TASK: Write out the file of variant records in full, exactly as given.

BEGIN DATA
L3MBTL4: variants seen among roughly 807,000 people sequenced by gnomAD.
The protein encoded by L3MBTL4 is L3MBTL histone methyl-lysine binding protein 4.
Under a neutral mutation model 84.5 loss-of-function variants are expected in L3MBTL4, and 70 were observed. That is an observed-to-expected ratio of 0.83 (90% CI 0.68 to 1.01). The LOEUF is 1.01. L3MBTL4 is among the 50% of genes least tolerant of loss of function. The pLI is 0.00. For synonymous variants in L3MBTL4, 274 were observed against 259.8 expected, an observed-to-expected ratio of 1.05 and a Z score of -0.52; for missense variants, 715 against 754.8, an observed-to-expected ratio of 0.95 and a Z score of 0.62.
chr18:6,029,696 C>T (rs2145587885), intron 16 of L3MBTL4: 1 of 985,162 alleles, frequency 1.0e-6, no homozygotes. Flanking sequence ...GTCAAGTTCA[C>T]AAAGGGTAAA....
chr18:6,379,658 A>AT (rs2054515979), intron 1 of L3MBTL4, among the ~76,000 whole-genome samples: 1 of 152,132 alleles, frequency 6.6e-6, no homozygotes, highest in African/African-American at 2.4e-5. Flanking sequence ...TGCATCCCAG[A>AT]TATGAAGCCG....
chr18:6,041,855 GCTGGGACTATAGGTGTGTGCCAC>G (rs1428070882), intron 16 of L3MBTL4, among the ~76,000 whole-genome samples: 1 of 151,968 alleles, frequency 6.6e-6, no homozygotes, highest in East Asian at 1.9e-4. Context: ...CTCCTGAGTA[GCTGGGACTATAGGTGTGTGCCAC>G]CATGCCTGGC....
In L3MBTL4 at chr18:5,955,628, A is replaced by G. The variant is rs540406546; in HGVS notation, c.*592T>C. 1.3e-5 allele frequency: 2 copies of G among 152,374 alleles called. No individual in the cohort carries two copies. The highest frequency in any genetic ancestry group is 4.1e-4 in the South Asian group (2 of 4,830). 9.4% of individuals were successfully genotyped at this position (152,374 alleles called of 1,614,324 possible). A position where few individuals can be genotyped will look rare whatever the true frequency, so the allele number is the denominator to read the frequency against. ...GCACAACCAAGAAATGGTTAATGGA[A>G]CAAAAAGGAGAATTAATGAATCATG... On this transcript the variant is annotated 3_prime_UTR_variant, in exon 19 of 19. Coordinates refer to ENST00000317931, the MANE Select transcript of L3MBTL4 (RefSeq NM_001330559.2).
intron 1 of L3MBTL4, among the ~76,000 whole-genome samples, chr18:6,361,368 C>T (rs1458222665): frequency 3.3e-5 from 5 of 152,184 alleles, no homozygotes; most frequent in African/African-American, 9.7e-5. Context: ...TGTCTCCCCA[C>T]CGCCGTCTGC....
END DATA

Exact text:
L3MBTL4: variants seen among roughly 807,000 people sequenced by gnomAD.
The protein encoded by L3MBTL4 is L3MBTL histone methyl-lysine binding protein 4.
Under a neutral mutation model 84.5 loss-of-function variants are expected in L3MBTL4, and 70 were observed. That is an observed-to-expected ratio of 0.83 (90% CI 0.68 to 1.01). The LOEUF is 1.01. L3MBTL4 is among the 50% of genes least tolerant of loss of function. The pLI is 0.00. For synonymous variants in L3MBTL4, 274 were observed against 259.8 expected, an observed-to-expected ratio of 1.05 and a Z score of -0.52; for missense variants, 715 against 754.8, an observed-to-expected ratio of 0.95 and a Z score of 0.62.
chr18:6,029,696 C>T (rs2145587885), intron 16 of L3MBTL4: 1 of 985,162 alleles, frequency 1.0e-6, no homozygotes. Flanking sequence ...GTCAAGTTCA[C>T]AAAGGGTAAA....
chr18:6,379,658 A>AT (rs2054515979), intron 1 of L3MBTL4, among the ~76,000 whole-genome samples: 1 of 152,132 alleles, frequency 6.6e-6, no homozygotes, highest in African/African-American at 2.4e-5. Flanking sequence ...TGCATCCCAG[A>AT]TATGAAGCCG....
chr18:6,041,855 GCTGGGACTATAGGTGTGTGCCAC>G (rs1428070882), intron 16 of L3MBTL4, among the ~76,000 whole-genome samples: 1 of 151,968 alleles, frequency 6.6e-6, no homozygotes, highest in East Asian at 1.9e-4. Context: ...CTCCTGAGTA[GCTGGGACTATAGGTGTGTGCCAC>G]CATGCCTGGC....
In L3MBTL4 at chr18:5,955,628, A is replaced by G. The variant is rs540406546; in HGVS notation, c.*592T>C. 1.3e-5 allele frequency: 2 copies of G among 152,374 alleles called. No individual in the cohort carries two copies. The highest frequency in any genetic ancestry group is 4.1e-4 in the South Asian group (2 of 4,830). 9.4% of individuals were successfully genotyped at this position (152,374 alleles called of 1,614,324 possible). A position where few individuals can be genotyped will look rare whatever the true frequency, so the allele number is the denominator to read the frequency against. ...GCACAACCAAGAAATGGTTAATGGA[A>G]CAAAAAGGAGAATTAATGAATCATG... On this transcript the variant is annotated 3_prime_UTR_variant, in exon 19 of 19. Coordinates refer to ENST00000317931, the MANE Select transcript of L3MBTL4 (RefSeq NM_001330559.2).
intron 1 of L3MBTL4, among the ~76,000 whole-genome samples, chr18:6,361,368 C>T (rs1458222665): frequency 3.3e-5 from 5 of 152,184 alleles, no homozygotes; most frequent in African/African-American, 9.7e-5. Context: ...TGTCTCCCCA[C>T]CGCCGTCTGC....